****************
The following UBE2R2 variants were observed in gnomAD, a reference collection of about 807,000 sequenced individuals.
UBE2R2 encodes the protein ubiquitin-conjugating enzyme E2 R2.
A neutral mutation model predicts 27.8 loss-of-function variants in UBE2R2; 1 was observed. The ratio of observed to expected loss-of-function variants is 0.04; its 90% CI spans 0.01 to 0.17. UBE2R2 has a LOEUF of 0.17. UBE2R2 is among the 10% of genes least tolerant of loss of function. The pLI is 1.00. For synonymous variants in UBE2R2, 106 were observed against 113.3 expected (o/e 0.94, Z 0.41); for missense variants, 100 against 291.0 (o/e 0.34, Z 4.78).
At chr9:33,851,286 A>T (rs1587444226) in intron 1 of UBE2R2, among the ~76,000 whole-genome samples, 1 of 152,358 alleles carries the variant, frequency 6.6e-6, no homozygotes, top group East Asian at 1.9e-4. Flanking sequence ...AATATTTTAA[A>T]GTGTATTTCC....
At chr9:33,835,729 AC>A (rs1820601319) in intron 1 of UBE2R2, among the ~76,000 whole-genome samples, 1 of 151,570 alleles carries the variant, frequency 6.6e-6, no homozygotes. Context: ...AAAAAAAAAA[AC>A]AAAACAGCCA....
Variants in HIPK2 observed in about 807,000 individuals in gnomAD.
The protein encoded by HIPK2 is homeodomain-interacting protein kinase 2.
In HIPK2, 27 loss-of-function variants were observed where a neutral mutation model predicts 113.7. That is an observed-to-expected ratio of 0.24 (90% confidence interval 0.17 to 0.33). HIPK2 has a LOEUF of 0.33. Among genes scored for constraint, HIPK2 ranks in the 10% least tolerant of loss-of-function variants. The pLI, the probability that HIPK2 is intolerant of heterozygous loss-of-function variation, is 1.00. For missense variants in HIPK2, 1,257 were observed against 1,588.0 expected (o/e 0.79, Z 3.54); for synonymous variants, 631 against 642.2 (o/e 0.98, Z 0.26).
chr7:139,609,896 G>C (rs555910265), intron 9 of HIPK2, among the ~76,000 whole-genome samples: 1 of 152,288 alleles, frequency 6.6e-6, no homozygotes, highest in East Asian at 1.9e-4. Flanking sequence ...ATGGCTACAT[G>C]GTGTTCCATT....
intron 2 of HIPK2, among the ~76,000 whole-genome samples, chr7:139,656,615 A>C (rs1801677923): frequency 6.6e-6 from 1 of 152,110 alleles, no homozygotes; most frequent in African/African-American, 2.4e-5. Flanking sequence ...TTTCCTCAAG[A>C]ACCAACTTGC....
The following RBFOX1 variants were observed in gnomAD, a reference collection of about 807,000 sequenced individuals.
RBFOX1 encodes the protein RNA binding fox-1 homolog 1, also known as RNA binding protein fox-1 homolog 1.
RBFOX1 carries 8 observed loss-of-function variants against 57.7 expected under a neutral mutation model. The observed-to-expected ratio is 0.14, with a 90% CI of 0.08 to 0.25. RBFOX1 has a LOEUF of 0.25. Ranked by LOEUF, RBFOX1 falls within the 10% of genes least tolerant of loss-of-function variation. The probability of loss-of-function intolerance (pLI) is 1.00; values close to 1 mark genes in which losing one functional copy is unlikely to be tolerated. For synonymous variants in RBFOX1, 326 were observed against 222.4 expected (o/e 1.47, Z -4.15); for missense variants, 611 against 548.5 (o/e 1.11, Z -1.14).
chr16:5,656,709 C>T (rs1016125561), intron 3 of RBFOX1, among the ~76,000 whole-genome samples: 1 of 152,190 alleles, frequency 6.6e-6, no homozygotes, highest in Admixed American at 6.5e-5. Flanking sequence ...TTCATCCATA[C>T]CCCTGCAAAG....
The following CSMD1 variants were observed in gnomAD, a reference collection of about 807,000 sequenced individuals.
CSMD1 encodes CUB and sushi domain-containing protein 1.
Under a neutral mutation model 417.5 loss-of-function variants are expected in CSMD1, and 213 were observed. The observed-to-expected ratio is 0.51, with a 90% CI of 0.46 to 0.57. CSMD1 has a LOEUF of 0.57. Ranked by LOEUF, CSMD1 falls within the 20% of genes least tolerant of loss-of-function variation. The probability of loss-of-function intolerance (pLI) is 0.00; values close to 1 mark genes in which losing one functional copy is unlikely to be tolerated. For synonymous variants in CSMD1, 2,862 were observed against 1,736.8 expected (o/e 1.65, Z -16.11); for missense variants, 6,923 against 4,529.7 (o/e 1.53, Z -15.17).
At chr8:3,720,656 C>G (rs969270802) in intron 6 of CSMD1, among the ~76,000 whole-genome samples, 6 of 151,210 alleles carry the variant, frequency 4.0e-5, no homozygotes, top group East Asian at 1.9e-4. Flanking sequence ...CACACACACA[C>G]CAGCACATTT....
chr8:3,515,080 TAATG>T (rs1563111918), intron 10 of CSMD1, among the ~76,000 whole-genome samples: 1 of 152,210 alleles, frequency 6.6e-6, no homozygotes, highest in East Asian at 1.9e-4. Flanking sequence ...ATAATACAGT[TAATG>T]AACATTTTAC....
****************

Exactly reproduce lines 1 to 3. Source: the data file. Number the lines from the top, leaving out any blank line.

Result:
The following UBE2R2 variants were observed in gnomAD, a reference collection of about 807,000 sequenced individuals.
UBE2R2 encodes the protein ubiquitin-conjugating enzyme E2 R2.
A neutral mutation model predicts 27.8 loss-of-function variants in UBE2R2; 1 was observed. The ratio of observed to expected loss-of-function variants is 0.04; its 90% CI spans 0.01 to 0.17. UBE2R2 has a LOEUF of 0.17. UBE2R2 is among the 10% of genes least tolerant of loss of function. The pLI is 1.00. For synonymous variants in UBE2R2, 106 were observed against 113.3 expected (o/e 0.94, Z 0.41); for missense variants, 100 against 291.0 (o/e 0.34, Z 4.78).